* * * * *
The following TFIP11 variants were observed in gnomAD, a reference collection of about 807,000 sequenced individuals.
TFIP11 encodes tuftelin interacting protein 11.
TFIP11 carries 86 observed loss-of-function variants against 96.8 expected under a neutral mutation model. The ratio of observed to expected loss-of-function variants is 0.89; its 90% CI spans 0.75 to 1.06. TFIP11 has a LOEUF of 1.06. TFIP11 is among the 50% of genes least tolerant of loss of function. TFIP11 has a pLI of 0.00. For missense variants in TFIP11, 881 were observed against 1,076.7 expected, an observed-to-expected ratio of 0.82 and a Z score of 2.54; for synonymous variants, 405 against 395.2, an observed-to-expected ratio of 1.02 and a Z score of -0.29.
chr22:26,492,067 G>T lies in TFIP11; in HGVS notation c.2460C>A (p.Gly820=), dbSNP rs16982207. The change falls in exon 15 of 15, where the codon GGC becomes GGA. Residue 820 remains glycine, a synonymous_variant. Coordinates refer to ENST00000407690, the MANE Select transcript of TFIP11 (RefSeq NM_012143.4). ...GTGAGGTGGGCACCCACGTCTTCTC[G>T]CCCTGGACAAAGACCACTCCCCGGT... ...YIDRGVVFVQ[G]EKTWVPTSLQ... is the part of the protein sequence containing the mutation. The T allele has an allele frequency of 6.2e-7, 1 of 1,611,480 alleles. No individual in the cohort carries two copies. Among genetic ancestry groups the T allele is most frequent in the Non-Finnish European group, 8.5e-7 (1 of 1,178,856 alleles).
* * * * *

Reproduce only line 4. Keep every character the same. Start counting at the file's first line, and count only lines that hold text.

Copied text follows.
chr22:26,492,067 G>T lies in TFIP11; in HGVS notation c.2460C>A (p.Gly820=), dbSNP rs16982207. The change falls in exon 15 of 15, where the codon GGC becomes GGA. Residue 820 remains glycine, a synonymous_variant. Coordinates refer to ENST00000407690, the MANE Select transcript of TFIP11 (RefSeq NM_012143.4). ...GTGAGGTGGGCACCCACGTCTTCTC[G>T]CCCTGGACAAAGACCACTCCCCGGT... ...YIDRGVVFVQ[G]EKTWVPTSLQ... is the part of the protein sequence containing the mutation. The T allele has an allele frequency of 6.2e-7, 1 of 1,611,480 alleles. No individual in the cohort carries two copies. Among genetic ancestry groups the T allele is most frequent in the Non-Finnish European group, 8.5e-7 (1 of 1,178,856 alleles).